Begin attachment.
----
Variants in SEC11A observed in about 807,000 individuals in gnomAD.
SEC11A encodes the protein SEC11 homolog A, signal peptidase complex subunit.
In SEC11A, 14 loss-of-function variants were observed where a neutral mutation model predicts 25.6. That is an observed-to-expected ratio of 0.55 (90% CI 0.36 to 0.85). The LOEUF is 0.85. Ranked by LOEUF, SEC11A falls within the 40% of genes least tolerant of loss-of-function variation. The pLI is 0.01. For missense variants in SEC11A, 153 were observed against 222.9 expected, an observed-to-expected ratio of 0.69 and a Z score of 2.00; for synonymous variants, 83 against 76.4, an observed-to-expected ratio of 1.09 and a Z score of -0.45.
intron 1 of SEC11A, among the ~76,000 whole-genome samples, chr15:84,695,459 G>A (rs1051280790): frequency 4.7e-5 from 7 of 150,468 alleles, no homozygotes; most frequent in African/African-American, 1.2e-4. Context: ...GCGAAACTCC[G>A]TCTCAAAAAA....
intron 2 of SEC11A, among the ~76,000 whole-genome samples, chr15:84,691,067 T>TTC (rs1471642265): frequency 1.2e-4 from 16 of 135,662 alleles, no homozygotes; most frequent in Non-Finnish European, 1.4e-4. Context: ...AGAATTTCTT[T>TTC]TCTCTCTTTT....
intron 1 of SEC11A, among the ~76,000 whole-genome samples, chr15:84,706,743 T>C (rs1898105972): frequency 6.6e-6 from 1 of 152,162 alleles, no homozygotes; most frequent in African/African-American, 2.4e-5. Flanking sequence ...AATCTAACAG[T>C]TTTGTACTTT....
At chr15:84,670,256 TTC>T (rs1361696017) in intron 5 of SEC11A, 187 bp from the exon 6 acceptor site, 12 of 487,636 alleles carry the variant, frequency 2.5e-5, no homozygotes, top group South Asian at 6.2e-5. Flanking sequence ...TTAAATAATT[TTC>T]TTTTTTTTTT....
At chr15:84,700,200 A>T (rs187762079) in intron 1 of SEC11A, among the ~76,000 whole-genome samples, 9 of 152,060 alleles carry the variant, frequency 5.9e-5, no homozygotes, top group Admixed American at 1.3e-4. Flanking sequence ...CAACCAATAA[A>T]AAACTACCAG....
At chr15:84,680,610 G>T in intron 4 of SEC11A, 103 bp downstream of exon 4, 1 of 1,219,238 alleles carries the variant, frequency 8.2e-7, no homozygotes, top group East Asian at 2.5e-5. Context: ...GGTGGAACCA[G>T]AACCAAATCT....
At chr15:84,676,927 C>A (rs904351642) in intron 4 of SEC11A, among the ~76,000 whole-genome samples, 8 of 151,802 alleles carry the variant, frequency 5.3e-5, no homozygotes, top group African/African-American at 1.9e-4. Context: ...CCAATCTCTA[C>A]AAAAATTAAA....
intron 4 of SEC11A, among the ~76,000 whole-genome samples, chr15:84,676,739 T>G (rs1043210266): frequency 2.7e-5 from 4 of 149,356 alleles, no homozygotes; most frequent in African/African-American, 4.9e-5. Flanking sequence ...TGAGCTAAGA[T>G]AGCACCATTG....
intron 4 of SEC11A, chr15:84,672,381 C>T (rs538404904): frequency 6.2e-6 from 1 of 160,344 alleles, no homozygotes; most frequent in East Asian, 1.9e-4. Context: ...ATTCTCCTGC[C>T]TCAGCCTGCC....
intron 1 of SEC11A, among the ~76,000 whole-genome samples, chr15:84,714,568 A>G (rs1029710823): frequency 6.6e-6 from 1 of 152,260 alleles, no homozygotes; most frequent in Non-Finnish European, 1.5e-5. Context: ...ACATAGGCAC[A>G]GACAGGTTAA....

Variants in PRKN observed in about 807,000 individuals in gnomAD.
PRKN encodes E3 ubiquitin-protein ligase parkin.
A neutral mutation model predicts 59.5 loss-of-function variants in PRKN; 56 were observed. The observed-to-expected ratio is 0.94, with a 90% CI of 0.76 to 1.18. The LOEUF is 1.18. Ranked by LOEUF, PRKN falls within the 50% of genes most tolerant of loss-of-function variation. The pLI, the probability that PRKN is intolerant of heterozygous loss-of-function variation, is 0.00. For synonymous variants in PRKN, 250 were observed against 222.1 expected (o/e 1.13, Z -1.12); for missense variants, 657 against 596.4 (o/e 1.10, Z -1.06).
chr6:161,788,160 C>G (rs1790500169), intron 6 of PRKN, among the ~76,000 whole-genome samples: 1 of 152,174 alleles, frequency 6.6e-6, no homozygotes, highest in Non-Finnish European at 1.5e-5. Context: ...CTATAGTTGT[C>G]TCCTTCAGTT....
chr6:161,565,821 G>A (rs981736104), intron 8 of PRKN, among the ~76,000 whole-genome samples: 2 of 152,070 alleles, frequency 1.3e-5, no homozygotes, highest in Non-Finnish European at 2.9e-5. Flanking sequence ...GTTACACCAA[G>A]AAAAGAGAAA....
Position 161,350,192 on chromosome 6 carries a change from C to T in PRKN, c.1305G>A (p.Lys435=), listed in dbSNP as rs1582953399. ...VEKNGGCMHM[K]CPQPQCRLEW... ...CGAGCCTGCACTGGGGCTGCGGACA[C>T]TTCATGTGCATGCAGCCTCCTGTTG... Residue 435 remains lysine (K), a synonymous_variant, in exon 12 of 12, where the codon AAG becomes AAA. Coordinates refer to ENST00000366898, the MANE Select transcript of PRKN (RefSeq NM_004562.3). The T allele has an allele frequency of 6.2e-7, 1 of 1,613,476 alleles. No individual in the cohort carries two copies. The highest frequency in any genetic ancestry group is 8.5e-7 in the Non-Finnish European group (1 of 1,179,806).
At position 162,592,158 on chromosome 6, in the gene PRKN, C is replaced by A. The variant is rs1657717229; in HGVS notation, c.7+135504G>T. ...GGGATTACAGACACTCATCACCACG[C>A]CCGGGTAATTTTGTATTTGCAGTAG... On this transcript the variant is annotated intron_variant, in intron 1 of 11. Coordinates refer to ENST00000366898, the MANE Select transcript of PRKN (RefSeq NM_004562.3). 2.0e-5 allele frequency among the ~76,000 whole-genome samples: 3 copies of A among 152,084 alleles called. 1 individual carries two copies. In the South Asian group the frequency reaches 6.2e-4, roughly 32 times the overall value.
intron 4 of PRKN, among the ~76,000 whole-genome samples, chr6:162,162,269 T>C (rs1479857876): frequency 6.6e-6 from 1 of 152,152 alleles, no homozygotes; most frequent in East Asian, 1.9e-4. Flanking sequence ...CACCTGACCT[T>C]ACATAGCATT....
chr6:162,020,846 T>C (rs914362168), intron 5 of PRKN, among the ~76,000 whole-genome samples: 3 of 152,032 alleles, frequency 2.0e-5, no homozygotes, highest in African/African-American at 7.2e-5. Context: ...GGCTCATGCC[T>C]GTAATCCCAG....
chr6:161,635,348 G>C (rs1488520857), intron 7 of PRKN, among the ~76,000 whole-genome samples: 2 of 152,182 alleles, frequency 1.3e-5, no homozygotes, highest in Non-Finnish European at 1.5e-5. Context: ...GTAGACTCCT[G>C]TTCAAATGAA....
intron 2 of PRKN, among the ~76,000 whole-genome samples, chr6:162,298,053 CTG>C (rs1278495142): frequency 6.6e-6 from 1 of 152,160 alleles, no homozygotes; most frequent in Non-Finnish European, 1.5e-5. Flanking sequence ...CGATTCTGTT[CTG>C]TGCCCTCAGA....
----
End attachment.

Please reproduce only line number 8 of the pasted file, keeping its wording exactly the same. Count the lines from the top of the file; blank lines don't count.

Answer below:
At chr15:84,700,200 A>T (rs187762079) in intron 1 of SEC11A, among the ~76,000 whole-genome samples, 9 of 152,060 alleles carry the variant, frequency 5.9e-5, no homozygotes, top group Admixed American at 1.3e-4. Flanking sequence ...CAACCAATAA[A>T]AAACTACCAG....